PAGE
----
Floods are one of the most impactful disasters in terms of human and economic losses across the world. Furthermore, when different climatic extremes occur simultaneously or in close succession, the impacts to the environment, built infrastructure, and society at large are often significantly escalated. These events are collectively referred to as "compound" events. Although they are typically regarded as highly "surprising" when they occur, the dependencies and multi-scale nature of many climate phenomena mean that such events occur much more likely than might be expected by random chance alone. Much progress has been made to protect people and properties with effective structural measures; however, the interplay between the physical and the social process have significantly promoted flood risk because of its dynamics.

To reduce flood losses, we need to understand how floods have changed, and anticipate future changes considering engineering cost-effective interventions and human behaviours to increase the resilience of the overall natural-human apparatus. This requires multisectoral inclusive approaches, advanced computer models, and remote-sensing techniques to revealing flood risks and redefining development.

This Research Topic will provide a platform for researchers and engineers to share and discuss state-of-the-art scientific knowledge and best practices in flood management in a changing world. As such, it welcomes in-depth research work carried out through flood modelling including flood observations, hydrological and hydrodynamic modelling, flood inundation and flood hazard mapping, risk assessment, and citizen-science based research. It also welcomes studies that promote understanding of the interactions and feedbacks between natural, technical, and social processes, which can improve flood management practices.

Scientific efforts are providing a new understanding of the interdependence of water management systems, so for that reason, we also strongly encourage interdisciplinary research. These scientific advances, in turn, provide critical information for coordinated management to improve the affordability, reliability, and environmental sustainability of the newly proposed solutions.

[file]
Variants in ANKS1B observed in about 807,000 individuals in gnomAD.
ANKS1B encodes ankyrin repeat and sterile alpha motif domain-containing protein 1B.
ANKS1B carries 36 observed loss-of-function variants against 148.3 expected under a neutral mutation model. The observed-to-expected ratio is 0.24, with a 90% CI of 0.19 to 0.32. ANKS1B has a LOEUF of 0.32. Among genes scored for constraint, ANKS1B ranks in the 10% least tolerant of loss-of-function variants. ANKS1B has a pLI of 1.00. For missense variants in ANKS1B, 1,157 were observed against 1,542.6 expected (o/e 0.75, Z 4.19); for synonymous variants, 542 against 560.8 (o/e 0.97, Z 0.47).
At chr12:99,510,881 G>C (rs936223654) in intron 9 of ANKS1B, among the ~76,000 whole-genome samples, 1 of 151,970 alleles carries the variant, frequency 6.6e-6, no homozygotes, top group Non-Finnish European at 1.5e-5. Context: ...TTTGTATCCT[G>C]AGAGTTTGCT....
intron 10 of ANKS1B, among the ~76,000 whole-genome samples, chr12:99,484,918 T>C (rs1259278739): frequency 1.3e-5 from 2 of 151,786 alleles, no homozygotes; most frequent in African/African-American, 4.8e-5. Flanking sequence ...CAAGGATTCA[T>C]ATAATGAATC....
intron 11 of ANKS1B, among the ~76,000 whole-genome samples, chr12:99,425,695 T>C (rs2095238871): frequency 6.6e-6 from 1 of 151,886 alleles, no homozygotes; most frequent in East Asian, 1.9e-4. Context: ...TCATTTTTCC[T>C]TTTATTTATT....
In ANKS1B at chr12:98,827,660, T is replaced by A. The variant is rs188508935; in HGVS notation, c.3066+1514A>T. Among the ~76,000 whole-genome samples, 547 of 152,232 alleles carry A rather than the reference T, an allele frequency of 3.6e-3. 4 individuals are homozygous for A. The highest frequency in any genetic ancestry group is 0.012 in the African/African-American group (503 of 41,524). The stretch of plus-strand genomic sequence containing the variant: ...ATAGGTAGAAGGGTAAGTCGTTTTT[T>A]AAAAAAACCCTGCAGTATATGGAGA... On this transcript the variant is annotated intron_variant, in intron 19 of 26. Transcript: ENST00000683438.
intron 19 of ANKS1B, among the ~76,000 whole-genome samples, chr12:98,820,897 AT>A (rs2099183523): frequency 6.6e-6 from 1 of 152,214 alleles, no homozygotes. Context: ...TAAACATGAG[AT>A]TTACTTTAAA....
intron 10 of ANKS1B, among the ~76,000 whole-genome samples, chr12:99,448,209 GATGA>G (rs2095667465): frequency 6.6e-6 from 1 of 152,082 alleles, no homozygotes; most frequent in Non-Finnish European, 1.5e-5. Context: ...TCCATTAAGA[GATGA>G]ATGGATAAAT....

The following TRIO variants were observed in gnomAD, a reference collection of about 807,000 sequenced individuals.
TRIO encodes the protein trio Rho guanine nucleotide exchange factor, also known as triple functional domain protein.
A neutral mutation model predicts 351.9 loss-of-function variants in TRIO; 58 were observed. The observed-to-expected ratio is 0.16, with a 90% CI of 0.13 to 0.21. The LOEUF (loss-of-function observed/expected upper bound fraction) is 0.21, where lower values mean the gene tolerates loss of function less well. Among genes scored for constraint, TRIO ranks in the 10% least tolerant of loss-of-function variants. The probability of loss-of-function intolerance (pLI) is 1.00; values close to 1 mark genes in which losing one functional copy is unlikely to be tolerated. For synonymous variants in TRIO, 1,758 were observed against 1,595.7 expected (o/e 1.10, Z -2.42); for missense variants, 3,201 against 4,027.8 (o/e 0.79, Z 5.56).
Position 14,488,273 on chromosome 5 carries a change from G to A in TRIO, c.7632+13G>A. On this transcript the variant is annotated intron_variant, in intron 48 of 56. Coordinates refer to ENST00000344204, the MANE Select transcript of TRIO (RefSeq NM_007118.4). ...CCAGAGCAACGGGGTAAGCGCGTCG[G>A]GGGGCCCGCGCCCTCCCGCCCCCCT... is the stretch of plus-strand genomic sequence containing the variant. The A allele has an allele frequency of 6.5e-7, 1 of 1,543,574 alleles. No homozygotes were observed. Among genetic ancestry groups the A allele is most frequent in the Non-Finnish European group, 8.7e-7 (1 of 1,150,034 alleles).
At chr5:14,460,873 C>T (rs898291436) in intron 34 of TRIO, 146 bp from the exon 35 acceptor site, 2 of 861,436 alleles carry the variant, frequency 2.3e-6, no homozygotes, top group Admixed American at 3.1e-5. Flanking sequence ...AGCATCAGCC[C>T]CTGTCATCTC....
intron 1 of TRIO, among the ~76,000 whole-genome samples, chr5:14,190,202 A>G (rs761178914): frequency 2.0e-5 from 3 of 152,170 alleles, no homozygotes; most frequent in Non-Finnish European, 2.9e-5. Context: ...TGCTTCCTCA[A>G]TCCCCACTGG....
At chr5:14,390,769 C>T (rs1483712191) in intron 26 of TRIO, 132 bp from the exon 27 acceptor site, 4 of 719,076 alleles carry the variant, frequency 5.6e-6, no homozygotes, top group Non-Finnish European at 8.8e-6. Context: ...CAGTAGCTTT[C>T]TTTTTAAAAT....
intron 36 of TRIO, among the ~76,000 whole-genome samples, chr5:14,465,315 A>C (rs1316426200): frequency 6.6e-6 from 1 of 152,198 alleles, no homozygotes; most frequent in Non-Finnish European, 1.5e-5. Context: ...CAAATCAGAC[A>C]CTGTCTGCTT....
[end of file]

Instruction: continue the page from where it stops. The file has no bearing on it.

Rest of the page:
We welcome submissions related to flood and compound-flood risk assessment and management, that demonstrate the convergence of methods or theory across fields addressing:

● Inter-correlations of climate change, compound events, and/or flood-landscape-human dynamics
● Understanding interactions and feedbacks between natural, technical, and social processes, which can improve flood management practices whilst maintaining the ecological benefits of flooding, and the environmental sustainability of novel proposed solutions
● The role of citizen-science and remote sensing in observing, modelling, and managing flood risk in a changing environment
● Citizen-science and flood risk management: lessons learned and flood policy recommendations (from a local to a global political agenda)


Keywords: Flood, Remote Sensing, Modeling, Climate, Society


Important Note: All contributions to this Research Topic must be within the scope of the section and journal to which they are submitted, as defined in their mission statements. Frontiers reserves the right to guide an out-of-scope manuscript to a more suitable section or journal at any stage of peer review.

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Submission Deadlines

28 June 2020 Abstract
26 October 2020 Manuscript

Participating Journals

Manuscripts can be submitted to this Research Topic via the following journals:

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Topic Editors

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Submission Deadlines

28 June 2020 Abstract
26 October 2020 Manuscript

Participating Journals

Manuscripts can be submitted to this Research Topic via the following journals: